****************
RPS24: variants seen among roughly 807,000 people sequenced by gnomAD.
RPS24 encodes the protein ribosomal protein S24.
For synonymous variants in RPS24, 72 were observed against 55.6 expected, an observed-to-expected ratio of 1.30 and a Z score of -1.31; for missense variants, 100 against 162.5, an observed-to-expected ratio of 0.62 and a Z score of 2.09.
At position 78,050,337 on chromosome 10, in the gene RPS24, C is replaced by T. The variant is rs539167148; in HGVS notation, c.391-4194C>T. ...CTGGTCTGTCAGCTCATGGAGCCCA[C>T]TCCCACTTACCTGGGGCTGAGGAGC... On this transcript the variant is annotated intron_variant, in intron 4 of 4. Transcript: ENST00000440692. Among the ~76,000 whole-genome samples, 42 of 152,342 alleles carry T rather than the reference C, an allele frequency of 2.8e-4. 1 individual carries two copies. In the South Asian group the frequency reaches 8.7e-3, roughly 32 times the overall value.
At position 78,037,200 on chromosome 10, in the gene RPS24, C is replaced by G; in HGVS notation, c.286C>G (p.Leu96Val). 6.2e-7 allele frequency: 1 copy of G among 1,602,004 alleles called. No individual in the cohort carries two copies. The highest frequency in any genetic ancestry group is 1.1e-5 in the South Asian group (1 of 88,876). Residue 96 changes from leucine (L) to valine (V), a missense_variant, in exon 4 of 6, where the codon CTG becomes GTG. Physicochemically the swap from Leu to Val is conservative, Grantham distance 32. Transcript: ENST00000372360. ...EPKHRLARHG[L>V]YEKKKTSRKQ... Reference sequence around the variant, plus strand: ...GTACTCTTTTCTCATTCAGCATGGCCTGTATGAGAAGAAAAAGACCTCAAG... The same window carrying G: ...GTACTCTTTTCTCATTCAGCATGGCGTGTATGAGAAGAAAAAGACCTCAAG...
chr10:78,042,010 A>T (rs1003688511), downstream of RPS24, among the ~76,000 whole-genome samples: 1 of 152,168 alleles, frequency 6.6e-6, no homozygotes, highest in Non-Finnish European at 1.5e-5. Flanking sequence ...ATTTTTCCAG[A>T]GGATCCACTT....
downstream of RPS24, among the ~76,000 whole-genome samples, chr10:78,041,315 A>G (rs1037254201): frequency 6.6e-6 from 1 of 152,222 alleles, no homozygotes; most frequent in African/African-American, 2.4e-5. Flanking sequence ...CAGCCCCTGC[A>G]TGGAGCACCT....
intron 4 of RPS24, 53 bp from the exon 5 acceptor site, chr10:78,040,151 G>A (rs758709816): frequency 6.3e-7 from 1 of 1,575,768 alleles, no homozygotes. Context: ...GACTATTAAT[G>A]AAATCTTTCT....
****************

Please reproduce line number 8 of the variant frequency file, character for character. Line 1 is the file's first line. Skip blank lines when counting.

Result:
intron 4 of RPS24, 53 bp from the exon 5 acceptor site, chr10:78,040,151 G>A (rs758709816): frequency 6.3e-7 from 1 of 1,575,768 alleles, no homozygotes. Context: ...GACTATTAAT[G>A]AAATCTTTCT....